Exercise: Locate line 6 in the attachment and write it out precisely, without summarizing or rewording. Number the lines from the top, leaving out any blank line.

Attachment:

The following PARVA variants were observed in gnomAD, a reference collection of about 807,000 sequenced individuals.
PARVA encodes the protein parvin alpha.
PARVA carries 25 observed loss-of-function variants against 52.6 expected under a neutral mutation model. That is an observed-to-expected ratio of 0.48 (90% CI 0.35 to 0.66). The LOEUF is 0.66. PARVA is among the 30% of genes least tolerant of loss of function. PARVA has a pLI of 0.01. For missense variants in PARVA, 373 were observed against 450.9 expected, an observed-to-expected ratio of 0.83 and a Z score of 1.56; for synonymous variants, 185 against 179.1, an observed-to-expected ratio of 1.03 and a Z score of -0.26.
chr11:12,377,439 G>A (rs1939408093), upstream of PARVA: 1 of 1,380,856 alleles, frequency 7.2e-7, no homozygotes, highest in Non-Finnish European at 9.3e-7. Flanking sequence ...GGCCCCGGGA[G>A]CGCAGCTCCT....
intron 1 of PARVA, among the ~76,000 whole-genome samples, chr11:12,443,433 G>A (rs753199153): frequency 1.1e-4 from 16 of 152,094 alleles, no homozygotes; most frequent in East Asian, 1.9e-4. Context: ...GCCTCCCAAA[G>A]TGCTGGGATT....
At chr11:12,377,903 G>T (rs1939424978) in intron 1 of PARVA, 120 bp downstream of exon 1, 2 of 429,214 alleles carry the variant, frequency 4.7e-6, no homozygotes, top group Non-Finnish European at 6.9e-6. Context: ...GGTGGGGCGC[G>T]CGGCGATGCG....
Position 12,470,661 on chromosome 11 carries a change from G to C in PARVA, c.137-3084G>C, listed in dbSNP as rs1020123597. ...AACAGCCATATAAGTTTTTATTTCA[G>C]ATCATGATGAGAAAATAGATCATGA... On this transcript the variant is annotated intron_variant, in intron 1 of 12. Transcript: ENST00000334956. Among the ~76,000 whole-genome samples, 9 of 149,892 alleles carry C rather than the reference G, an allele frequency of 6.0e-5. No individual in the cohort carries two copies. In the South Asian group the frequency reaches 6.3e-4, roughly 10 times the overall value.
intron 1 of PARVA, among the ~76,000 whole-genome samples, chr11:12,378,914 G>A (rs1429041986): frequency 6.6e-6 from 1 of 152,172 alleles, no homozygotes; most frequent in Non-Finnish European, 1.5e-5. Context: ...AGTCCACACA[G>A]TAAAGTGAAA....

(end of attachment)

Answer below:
At chr11:12,377,903 G>T (rs1939424978) in intron 1 of PARVA, 120 bp downstream of exon 1, 2 of 429,214 alleles carry the variant, frequency 4.7e-6, no homozygotes, top group Non-Finnish European at 6.9e-6. Context: ...GGTGGGGCGC[G>T]CGGCGATGCG....